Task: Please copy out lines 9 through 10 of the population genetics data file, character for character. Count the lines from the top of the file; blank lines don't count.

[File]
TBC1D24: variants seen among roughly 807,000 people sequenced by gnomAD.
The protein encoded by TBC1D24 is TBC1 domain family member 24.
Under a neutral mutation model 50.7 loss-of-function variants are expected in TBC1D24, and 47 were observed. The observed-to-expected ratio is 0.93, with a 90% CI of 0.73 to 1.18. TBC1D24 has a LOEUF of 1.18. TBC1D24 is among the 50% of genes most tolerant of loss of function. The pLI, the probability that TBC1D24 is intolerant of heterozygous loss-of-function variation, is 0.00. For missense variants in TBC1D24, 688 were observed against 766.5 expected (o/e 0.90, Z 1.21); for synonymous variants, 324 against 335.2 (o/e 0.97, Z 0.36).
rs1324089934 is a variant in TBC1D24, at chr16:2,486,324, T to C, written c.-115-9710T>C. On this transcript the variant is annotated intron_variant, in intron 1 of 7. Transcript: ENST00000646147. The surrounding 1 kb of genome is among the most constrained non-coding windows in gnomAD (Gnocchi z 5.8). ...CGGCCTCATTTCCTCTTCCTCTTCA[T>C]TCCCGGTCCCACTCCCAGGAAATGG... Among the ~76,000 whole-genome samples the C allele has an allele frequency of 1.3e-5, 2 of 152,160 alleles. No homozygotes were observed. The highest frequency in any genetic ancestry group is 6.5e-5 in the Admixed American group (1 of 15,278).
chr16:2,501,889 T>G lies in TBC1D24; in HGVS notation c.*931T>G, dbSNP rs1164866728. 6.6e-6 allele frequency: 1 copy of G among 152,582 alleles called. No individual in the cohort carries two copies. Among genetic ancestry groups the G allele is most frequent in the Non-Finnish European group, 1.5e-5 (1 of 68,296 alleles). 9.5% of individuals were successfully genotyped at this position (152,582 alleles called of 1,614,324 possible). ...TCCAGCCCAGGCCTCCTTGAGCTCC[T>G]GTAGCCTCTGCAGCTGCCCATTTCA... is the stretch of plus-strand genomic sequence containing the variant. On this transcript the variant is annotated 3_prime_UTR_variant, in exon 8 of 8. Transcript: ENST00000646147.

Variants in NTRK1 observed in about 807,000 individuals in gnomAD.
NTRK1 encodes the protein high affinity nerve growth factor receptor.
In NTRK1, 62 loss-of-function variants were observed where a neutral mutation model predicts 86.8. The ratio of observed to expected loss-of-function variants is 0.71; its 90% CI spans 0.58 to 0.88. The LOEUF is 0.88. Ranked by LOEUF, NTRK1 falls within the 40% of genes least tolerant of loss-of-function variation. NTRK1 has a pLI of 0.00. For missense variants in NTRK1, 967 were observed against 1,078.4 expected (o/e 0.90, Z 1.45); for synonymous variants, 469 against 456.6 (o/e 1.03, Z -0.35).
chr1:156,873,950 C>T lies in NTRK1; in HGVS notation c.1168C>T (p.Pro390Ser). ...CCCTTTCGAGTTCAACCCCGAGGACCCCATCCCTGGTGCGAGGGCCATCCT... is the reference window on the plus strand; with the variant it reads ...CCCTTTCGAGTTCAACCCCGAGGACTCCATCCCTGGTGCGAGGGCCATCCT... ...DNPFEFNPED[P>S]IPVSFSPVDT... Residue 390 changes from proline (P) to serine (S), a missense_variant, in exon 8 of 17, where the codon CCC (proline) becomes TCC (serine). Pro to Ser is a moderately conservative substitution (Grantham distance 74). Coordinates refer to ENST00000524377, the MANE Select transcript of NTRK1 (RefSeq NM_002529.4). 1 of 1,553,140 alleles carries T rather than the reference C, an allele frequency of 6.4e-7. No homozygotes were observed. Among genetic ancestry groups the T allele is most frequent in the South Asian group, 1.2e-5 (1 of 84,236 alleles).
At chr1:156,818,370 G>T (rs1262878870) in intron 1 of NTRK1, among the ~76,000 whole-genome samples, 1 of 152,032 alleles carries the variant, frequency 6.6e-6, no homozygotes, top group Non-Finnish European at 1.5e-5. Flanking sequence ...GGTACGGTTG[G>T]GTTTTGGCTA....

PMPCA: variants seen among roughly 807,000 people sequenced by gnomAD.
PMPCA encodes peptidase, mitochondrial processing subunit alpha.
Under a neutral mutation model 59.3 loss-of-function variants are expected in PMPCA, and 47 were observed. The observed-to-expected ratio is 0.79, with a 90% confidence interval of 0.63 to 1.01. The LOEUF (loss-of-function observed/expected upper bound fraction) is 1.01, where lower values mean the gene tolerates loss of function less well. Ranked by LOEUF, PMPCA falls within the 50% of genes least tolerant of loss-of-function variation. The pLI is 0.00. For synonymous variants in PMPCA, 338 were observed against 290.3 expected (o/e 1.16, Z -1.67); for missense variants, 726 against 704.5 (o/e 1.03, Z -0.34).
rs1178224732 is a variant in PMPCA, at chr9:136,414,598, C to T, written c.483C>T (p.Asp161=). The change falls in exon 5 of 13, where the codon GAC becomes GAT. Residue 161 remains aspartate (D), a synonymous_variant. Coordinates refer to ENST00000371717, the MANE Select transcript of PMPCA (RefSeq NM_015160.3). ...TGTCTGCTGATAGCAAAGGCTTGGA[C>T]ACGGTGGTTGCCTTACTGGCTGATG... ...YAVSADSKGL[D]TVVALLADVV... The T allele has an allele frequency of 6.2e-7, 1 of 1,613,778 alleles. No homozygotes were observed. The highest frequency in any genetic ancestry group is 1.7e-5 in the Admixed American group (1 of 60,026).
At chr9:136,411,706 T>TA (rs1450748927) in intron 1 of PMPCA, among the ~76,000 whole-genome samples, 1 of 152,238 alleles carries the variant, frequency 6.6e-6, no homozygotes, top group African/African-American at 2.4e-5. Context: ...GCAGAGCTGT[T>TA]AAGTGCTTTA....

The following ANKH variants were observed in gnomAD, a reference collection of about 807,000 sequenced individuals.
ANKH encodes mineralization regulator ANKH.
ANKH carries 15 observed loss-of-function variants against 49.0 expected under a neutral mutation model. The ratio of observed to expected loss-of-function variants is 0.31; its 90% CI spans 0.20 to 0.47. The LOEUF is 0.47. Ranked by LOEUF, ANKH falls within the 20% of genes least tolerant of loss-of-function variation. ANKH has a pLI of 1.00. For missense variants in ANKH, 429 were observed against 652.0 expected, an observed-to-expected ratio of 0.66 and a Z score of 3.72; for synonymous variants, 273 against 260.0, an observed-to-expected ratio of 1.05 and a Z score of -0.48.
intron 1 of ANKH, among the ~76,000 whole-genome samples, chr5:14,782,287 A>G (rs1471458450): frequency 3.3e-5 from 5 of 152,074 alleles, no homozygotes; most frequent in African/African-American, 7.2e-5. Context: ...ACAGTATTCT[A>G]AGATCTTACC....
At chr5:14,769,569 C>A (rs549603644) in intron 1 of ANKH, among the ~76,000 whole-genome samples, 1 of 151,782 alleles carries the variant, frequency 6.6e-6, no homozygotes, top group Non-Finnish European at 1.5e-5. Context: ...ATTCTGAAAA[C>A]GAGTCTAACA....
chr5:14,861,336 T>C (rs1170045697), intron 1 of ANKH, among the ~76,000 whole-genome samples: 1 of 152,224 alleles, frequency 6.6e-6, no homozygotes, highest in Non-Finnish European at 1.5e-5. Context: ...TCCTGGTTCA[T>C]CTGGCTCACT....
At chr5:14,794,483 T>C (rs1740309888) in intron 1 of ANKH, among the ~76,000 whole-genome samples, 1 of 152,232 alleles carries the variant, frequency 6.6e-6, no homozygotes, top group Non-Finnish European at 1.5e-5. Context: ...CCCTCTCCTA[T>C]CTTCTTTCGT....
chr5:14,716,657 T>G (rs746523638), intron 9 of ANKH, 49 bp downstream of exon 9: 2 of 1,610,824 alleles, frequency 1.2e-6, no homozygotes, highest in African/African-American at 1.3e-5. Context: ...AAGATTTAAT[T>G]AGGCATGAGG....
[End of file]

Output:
chr1:156,873,950 C>T lies in NTRK1; in HGVS notation c.1168C>T (p.Pro390Ser). ...CCCTTTCGAGTTCAACCCCGAGGACCCCATCCCTGGTGCGAGGGCCATCCT... is the reference window on the plus strand; with the variant it reads ...CCCTTTCGAGTTCAACCCCGAGGACTCCATCCCTGGTGCGAGGGCCATCCT... ...DNPFEFNPED[P>S]IPVSFSPVDT... Residue 390 changes from proline (P) to serine (S), a missense_variant, in exon 8 of 17, where the codon CCC (proline) becomes TCC (serine). Pro to Ser is a moderately conservative substitution (Grantham distance 74). Coordinates refer to ENST00000524377, the MANE Select transcript of NTRK1 (RefSeq NM_002529.4). 1 of 1,553,140 alleles carries T rather than the reference C, an allele frequency of 6.4e-7. No homozygotes were observed. Among genetic ancestry groups the T allele is most frequent in the South Asian group, 1.2e-5 (1 of 84,236 alleles).
At chr1:156,818,370 G>T (rs1262878870) in intron 1 of NTRK1, among the ~76,000 whole-genome samples, 1 of 152,032 alleles carries the variant, frequency 6.6e-6, no homozygotes, top group Non-Finnish European at 1.5e-5. Flanking sequence ...GGTACGGTTG[G>T]GTTTTGGCTA....